Keep your eye open for a local source of these type lugs:


I crimp the lugs and then turn the lug 180 degrees and crimp it from the other side as well. That normally make those small wires stick well.

1 Like

Thanks for the advises. I was thinking about adding some additional wires (from external cable) to the lug together with the wires of the pigtail cables in order to fill up the free space, if the pigtails are standing very loose in the lug before crimping.

Speaking about this JBD SP25S003-16S, 100A (come back to the main topic), I have this isolated version of FT232RL. I hope this will work.
The BMS has only two pin RS485 JST on the PCB. I suppose the ground is not used by the BMS, I do not know why?

The ground is connected to the screen if there is one…
All serial comms (except RS232) is a differential signal. This means that the data is determined by the difference in voltage between two wires. The voltage wrt to ground is irrelevant. This system has high noise immunity.

1 Like

Crimping is one of those difficult things to get right. My suggestion to those who are keen to give it a go is to solder the connections. If you use flux solder (I haven’t seen any other for years!) you are bound to make a solid connection…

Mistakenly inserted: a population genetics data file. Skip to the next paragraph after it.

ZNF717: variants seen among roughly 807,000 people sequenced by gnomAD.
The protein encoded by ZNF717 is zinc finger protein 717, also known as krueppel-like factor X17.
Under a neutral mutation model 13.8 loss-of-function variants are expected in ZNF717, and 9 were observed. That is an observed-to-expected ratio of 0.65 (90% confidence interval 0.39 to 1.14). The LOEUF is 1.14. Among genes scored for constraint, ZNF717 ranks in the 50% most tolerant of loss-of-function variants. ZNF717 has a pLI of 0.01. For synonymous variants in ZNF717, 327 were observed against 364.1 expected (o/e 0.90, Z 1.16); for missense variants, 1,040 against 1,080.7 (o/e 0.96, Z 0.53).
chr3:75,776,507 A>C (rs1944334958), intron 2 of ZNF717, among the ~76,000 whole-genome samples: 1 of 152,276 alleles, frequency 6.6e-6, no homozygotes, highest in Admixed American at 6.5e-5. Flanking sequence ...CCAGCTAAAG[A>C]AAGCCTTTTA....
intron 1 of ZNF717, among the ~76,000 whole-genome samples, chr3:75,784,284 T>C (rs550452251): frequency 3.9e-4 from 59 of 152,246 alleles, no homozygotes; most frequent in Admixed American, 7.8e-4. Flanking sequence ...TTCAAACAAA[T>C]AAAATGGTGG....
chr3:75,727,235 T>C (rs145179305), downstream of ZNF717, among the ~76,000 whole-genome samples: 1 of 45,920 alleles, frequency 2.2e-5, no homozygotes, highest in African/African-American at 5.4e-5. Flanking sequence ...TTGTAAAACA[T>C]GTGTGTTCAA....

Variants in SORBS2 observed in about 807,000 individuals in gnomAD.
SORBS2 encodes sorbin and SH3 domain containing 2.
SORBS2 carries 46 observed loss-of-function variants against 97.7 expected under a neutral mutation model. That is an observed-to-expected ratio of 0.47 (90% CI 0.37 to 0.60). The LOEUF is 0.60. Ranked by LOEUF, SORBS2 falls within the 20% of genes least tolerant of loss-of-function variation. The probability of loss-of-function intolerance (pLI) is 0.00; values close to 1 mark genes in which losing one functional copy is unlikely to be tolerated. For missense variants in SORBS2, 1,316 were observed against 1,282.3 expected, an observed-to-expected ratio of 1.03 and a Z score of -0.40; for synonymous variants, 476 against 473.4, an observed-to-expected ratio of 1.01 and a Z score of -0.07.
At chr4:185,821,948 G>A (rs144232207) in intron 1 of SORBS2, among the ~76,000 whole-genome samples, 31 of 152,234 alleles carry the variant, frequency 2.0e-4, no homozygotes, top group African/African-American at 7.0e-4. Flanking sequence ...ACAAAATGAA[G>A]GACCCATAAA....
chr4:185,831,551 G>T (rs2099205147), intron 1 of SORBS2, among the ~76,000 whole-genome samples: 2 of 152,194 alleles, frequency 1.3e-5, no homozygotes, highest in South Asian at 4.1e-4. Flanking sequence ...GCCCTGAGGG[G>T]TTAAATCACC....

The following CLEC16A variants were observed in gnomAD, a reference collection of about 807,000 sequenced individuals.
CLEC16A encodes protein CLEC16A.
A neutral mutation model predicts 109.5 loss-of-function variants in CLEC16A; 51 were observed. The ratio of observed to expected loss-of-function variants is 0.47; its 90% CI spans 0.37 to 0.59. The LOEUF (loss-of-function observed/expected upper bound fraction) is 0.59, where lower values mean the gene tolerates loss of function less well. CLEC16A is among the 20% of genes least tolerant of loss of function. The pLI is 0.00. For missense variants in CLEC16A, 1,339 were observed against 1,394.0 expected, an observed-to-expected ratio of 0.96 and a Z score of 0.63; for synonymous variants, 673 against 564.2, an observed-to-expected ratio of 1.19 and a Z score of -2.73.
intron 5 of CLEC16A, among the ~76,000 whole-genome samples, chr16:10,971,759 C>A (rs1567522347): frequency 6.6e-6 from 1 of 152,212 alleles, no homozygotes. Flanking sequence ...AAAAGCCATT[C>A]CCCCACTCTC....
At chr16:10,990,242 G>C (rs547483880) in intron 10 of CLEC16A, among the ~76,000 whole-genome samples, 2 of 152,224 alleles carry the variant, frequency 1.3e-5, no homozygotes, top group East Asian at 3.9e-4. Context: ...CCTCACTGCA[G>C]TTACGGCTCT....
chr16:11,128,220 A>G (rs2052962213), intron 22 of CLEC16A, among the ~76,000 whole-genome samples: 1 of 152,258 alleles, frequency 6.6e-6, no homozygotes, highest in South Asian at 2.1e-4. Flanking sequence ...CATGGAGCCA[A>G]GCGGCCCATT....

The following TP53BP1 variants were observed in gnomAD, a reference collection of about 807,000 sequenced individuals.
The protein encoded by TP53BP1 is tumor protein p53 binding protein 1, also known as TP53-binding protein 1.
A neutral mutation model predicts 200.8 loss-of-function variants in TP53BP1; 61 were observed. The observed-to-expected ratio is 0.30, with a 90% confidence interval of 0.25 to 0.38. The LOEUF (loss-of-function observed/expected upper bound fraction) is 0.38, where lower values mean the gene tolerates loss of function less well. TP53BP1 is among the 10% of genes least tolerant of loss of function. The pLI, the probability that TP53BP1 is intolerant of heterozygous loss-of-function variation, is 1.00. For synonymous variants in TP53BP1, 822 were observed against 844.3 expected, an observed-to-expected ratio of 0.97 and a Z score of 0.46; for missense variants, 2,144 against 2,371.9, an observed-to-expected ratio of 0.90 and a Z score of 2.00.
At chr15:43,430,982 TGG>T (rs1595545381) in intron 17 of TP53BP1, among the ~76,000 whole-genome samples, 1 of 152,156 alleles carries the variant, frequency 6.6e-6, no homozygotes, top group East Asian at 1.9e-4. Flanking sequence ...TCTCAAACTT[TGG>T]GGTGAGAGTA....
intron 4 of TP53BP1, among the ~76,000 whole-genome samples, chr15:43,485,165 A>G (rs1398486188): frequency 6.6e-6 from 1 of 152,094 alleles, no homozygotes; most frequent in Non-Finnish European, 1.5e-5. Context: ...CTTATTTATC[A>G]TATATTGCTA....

Crimping better and easier - my 2c :wink:


When it comes to the current levels in solar systems, I am deeply against soldering. I come from a long background of soldering everything, even today I will sometimes tin the wires before I attach a (new) plug to an appliance, but there is a caveat here: The base of the 3-core cable is clamped down so that there is no relative movement on the individual conductors, which prevents the strands from breaking off where the solder-wicked ends (capillary action always pulls the solder up into the insulation).

Additionally, in a high-power conductor, once it does start to heat, it only needs to reach around 250°C (depending on the tin content) before it starts to desolder itself.

Similarly I am against crimping with those hammer-crimpers. I’ve seen my dad crimp a welding cable with a hammer and a bolt, and it lasted many years, but you don’t have the required control to make a good connection.

What you want to do is squeeze the cr*p out of that conductor, to the point that the individual strands form a solid cold-welded whole.

So basically: If you must solder, then only low-power wiring, and do something to support the joint if it’s going to experience vibration or movement. If you can crimp, then rather crimp.

Also, as soon as you have the tools… you’re never going back to soldering. Man, crimping is so much faster…

I have one of these hydraulic 12-ton crimpers with a fairly wide insert.

You crimp it only once, it forms a hexagonal shape roughly as wide as the lug, and as a bonus it imprints the size on the lug. With this kind of crimper, you should NOT crimp it a second time, as this can actually reduce the effectiveness of the crimp.

It is also extremely difficult to screw up the crimp.

1 Like